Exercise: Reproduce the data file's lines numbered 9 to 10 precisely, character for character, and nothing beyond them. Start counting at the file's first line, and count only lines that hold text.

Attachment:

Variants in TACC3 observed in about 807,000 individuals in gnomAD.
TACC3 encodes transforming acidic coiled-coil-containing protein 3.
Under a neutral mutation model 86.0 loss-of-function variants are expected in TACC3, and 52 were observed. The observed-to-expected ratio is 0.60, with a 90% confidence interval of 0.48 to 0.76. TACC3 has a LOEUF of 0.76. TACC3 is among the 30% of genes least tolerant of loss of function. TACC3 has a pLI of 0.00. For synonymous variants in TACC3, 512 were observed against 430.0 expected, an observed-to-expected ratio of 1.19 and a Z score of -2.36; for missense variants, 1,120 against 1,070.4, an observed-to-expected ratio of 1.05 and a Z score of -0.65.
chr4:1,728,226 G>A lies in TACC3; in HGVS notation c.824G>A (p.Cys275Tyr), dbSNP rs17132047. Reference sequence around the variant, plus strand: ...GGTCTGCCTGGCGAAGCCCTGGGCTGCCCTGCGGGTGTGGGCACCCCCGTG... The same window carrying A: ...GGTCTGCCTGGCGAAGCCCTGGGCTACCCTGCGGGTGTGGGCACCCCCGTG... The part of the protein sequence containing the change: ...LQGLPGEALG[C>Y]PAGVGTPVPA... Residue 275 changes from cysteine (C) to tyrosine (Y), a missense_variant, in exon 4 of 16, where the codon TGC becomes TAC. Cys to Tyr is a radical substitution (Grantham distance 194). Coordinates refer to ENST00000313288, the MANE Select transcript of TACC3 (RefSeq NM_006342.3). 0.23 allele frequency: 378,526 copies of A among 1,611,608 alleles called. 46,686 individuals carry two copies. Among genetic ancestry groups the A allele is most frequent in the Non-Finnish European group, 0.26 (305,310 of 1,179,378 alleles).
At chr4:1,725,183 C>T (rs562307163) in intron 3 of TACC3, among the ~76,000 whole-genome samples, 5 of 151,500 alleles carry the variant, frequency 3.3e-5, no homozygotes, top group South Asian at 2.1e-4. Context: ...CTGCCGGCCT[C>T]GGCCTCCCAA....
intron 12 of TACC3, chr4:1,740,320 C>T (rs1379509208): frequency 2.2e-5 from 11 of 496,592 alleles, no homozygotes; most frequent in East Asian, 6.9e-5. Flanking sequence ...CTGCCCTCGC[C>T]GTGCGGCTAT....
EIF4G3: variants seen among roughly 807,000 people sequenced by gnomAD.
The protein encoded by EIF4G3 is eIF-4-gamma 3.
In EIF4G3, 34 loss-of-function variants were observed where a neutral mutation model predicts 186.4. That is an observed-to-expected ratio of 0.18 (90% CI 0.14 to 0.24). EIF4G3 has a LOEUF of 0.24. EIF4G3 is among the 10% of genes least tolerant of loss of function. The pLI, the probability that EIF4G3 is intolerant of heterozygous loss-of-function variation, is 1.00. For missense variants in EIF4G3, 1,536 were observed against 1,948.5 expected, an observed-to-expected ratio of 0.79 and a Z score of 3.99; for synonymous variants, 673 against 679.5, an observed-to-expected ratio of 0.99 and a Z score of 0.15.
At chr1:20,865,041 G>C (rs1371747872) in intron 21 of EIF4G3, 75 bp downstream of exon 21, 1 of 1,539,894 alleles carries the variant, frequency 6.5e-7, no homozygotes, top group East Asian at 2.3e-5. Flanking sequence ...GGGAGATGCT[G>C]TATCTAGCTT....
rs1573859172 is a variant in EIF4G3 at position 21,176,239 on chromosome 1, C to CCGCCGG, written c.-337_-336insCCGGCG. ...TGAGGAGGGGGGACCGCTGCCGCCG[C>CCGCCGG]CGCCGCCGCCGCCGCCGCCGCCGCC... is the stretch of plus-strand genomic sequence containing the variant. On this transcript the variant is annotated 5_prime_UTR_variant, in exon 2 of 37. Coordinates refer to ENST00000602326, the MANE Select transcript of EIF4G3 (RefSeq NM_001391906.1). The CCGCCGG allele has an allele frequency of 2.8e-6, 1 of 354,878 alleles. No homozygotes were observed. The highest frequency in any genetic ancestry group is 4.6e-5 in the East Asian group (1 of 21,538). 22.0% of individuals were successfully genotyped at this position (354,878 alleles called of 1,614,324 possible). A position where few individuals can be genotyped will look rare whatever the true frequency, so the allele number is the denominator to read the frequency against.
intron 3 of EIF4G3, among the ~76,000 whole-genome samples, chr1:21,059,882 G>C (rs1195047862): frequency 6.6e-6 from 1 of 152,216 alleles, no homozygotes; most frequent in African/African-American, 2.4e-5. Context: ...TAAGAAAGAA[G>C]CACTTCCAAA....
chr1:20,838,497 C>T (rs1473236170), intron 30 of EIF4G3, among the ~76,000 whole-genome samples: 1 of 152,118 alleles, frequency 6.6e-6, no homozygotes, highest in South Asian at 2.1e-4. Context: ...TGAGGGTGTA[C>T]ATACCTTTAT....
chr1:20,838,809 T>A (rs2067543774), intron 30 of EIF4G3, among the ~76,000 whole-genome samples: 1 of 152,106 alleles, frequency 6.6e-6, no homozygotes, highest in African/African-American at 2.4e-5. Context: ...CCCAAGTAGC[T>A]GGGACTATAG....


In EIF4G3, 34 loss-of-function variants were observed where a neutral mutation model predicts 186.4. That is an observed-to-expected ratio of 0.18 (90% CI 0.14 to 0.24). EIF4G3 has a LOEUF of 0.24. EIF4G3 is among the 10% of genes least tolerant of loss of function. The pLI, the probability that EIF4G3 is intolerant of heterozygous loss-of-function variation, is 1.00. For missense variants in EIF4G3, 1,536 were observed against 1,948.5 expected, an observed-to-expected ratio of 0.79 and a Z score of 3.99; for synonymous variants, 673 against 679.5, an observed-to-expected ratio of 0.99 and a Z score of 0.15.
At chr1:20,865,041 G>C (rs1371747872) in intron 21 of EIF4G3, 75 bp downstream of exon 21, 1 of 1,539,894 alleles carries the variant, frequency 6.5e-7, no homozygotes, top group East Asian at 2.3e-5. Flanking sequence ...GGGAGATGCT[G>C]TATCTAGCTT....